KHARTOUM: There is a danger the international community will ignore Sudan's "astonishing" aid needs, just as the situation in parts of the country deteriorates, a British aid official said Wednesday.
"The numbers are truly astonishing," said Cate Turton, of Britain's Department for International Development.
She was speaking at the inauguration of theandnbsp;United Nationsandnbsp;and partners 2014 plan for addressing Sudan's humanitarian needs.
The UN says assisting the 6.1 million needy people -- more than half of them in theandnbsp;Darfurandnbsp;region -- will require $995 million.
"The situation in Darfur and Southandnbsp;Kordofanandnbsp;is rapidly deteriorating," and a large number of refugees are arriving from South Sudan, Turton said.
"Resources are very short, and I think we are extremely concerned as donors in the international community that Darfur risks slipping off the international community's radar screen," leavingandnbsp;Sudanandnbsp;without the resources to meet its aid needs, she said.
The UN says that at the end of March about 200,000 people were newly-displaced by fighting in Darfur, on top of about two million who had already been uprooted in the region's 11-year conflict.
International peacekeepers in Darfur have said the main cause of displacement in March was alleged attacks by a paramilitary unit against villages and camps for the displaced.
Sudan's government dismissed the comment as nonsense.
In South Kordofan andandnbsp;Blue Nileandnbsp;states, nearly three years of government-rebel fighting have displaced or severely affected 1.1 million people, the UN says.
Close to 60,000 people are also reported to have crossed into Sudan since December when fighting began between government and rebel forces in neighbouring South Sudan.
The UN's Office for the Coordination ofandnbsp;Humanitarian Affairsandnbsp;(OCHA) reported last week that only 5.5 percent of the $995 million requested for aid work this year has been funded.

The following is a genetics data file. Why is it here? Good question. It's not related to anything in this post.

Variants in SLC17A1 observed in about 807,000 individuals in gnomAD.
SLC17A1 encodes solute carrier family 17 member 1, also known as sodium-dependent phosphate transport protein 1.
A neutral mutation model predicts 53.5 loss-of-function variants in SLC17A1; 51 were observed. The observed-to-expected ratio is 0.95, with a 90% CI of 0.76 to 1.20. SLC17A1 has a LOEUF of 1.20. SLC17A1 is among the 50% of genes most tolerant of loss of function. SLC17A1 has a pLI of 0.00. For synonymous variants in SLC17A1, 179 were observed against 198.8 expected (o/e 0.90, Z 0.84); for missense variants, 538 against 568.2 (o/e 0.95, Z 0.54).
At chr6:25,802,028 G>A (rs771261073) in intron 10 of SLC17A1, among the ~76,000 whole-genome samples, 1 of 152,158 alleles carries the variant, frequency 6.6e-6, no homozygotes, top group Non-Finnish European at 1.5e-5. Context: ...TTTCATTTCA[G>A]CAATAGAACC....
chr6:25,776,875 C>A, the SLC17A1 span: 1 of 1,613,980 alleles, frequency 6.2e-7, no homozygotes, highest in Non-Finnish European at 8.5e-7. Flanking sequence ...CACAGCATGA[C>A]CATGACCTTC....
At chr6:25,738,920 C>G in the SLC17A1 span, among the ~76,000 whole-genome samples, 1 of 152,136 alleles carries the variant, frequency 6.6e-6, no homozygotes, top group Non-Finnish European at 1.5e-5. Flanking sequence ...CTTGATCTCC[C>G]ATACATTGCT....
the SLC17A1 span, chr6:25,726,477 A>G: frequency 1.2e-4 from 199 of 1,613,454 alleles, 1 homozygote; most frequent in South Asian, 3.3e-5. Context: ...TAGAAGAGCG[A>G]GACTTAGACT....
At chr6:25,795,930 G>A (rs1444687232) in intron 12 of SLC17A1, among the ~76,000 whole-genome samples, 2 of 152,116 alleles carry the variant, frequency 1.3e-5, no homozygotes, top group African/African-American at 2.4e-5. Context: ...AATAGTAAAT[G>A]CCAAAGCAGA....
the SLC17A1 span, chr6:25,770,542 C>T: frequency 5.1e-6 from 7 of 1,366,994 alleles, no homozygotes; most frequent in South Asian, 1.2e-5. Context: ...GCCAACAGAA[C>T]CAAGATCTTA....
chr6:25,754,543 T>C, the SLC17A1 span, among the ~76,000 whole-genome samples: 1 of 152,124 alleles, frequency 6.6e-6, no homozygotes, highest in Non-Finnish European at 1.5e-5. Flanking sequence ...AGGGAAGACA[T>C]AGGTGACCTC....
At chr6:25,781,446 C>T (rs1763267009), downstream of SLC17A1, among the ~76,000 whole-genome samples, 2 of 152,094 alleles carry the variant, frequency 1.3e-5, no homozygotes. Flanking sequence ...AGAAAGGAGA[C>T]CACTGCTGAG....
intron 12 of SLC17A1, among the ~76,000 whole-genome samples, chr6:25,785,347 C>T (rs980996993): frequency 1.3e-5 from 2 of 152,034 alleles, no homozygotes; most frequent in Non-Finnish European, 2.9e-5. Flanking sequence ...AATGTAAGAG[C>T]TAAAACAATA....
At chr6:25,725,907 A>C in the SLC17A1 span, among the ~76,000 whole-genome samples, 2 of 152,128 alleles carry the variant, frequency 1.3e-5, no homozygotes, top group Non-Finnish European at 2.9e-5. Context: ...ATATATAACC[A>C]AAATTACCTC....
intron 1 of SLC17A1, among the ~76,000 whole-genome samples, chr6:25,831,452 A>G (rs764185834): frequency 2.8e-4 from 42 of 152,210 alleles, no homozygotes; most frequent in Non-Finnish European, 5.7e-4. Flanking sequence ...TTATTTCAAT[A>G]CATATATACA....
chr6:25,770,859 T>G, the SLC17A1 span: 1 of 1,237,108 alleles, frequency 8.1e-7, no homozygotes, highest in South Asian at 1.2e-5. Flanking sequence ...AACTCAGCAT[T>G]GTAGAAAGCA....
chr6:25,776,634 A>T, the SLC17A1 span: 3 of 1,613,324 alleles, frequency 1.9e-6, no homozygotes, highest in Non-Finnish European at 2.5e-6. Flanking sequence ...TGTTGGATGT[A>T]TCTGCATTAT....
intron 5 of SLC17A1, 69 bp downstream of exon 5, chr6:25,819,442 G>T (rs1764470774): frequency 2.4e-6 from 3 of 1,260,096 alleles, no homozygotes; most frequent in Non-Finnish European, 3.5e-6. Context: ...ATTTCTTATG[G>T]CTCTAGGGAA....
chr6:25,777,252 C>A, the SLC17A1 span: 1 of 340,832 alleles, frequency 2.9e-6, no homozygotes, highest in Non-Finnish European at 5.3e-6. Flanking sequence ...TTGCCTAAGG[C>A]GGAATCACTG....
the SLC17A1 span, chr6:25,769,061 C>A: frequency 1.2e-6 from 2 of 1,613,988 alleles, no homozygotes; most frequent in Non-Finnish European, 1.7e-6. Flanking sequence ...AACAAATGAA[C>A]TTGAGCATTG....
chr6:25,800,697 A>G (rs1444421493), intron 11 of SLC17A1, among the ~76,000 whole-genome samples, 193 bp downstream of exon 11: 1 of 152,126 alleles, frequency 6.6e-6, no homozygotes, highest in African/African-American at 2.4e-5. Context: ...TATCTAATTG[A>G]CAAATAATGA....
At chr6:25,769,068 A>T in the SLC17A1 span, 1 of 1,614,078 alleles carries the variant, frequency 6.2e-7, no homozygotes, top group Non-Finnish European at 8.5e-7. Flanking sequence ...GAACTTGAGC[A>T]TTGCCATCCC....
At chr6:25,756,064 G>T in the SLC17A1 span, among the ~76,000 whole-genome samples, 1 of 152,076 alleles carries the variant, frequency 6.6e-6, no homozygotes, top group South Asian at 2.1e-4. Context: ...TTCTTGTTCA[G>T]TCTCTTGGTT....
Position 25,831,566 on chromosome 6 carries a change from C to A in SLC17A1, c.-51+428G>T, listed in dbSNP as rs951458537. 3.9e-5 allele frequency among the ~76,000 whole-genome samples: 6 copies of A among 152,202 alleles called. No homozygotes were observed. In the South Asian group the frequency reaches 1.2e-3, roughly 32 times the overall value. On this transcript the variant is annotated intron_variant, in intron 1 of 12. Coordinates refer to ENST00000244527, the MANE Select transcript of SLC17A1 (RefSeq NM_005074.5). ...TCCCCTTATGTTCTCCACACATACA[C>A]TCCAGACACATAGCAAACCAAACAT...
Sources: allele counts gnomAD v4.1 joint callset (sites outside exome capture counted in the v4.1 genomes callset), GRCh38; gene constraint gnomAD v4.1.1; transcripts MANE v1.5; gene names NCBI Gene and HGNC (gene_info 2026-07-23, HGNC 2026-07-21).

While needs increase, the percentage of funding obtained has fallen in each of the past three years, OCHA says.
This is partly because of competing needs in other countries but also a result of donor concerns about access in Sudan, requirements for travel permits, and other factors, an OCHA briefing paper says.
After weeks of little progress in requests to authorities for aid access in Darfur after the recent displacements, there was significant improvement at the end of March, OCHA said.
Access to government-held parts of South Kordofan and Blue Nile has "moderately improved" but civilians in rebel-held areas remain cut off from any assistance from inside Sudan, OCHA says.
Authorities say access restrictions are necessary to ensure the safety of aid workers.
Suleiman Abdel Rahman, commissioner of Sudan's Humanitarian Aid Commission, told Wednesday's aid plan inauguration that Sudan is ready to support local and foreign aid groups in accessing the needy anywhere in Sudan.
But he said this must be done "while taking into account the protection" of those aid workers.
In 2009 Sudan expelled several international aid groups from Darfur after the International Criminal Court in The Hague issued an arrest warrant for President Omar al-Bashir.
He is wanted for alleged crimes against humanity, war crimes and genocide in Darfur.